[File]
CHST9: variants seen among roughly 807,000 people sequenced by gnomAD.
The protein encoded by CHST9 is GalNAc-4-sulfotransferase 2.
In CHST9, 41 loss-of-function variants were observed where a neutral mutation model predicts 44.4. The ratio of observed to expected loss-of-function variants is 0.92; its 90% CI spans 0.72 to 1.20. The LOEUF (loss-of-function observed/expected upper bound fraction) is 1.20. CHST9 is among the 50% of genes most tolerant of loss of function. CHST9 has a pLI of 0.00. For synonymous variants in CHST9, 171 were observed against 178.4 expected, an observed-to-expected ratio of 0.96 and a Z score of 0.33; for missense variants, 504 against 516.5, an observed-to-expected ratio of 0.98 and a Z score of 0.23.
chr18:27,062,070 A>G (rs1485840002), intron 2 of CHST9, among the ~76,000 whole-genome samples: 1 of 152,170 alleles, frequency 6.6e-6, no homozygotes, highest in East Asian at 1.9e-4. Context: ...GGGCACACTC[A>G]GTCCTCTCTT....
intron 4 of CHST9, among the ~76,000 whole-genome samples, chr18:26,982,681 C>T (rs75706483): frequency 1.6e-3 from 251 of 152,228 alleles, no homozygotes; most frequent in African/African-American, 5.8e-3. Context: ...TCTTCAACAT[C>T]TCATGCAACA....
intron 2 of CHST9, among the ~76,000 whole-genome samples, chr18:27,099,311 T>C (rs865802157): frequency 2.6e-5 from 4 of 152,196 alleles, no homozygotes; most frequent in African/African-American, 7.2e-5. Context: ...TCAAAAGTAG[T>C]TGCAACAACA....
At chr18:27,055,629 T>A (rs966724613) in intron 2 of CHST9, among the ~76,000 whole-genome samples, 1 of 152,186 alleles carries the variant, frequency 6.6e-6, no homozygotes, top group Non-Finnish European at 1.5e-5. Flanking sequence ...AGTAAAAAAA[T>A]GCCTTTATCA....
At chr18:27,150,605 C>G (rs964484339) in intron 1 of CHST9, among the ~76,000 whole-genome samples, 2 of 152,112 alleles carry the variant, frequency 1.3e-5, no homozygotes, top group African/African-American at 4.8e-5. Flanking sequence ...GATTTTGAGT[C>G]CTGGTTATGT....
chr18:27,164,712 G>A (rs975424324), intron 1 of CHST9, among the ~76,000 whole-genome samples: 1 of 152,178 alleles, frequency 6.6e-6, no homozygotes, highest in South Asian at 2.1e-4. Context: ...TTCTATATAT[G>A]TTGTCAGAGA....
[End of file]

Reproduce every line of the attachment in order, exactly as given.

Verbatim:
CHST9: variants seen among roughly 807,000 people sequenced by gnomAD.
The protein encoded by CHST9 is GalNAc-4-sulfotransferase 2.
In CHST9, 41 loss-of-function variants were observed where a neutral mutation model predicts 44.4. The ratio of observed to expected loss-of-function variants is 0.92; its 90% CI spans 0.72 to 1.20. The LOEUF (loss-of-function observed/expected upper bound fraction) is 1.20. CHST9 is among the 50% of genes most tolerant of loss of function. CHST9 has a pLI of 0.00. For synonymous variants in CHST9, 171 were observed against 178.4 expected, an observed-to-expected ratio of 0.96 and a Z score of 0.33; for missense variants, 504 against 516.5, an observed-to-expected ratio of 0.98 and a Z score of 0.23.
chr18:27,062,070 A>G (rs1485840002), intron 2 of CHST9, among the ~76,000 whole-genome samples: 1 of 152,170 alleles, frequency 6.6e-6, no homozygotes, highest in East Asian at 1.9e-4. Context: ...GGGCACACTC[A>G]GTCCTCTCTT....
intron 4 of CHST9, among the ~76,000 whole-genome samples, chr18:26,982,681 C>T (rs75706483): frequency 1.6e-3 from 251 of 152,228 alleles, no homozygotes; most frequent in African/African-American, 5.8e-3. Context: ...TCTTCAACAT[C>T]TCATGCAACA....
intron 2 of CHST9, among the ~76,000 whole-genome samples, chr18:27,099,311 T>C (rs865802157): frequency 2.6e-5 from 4 of 152,196 alleles, no homozygotes; most frequent in African/African-American, 7.2e-5. Context: ...TCAAAAGTAG[T>C]TGCAACAACA....
At chr18:27,055,629 T>A (rs966724613) in intron 2 of CHST9, among the ~76,000 whole-genome samples, 1 of 152,186 alleles carries the variant, frequency 6.6e-6, no homozygotes, top group Non-Finnish European at 1.5e-5. Flanking sequence ...AGTAAAAAAA[T>A]GCCTTTATCA....
At chr18:27,150,605 C>G (rs964484339) in intron 1 of CHST9, among the ~76,000 whole-genome samples, 2 of 152,112 alleles carry the variant, frequency 1.3e-5, no homozygotes, top group African/African-American at 4.8e-5. Flanking sequence ...GATTTTGAGT[C>G]CTGGTTATGT....
chr18:27,164,712 G>A (rs975424324), intron 1 of CHST9, among the ~76,000 whole-genome samples: 1 of 152,178 alleles, frequency 6.6e-6, no homozygotes, highest in South Asian at 2.1e-4. Context: ...TTCTATATAT[G>A]TTGTCAGAGA....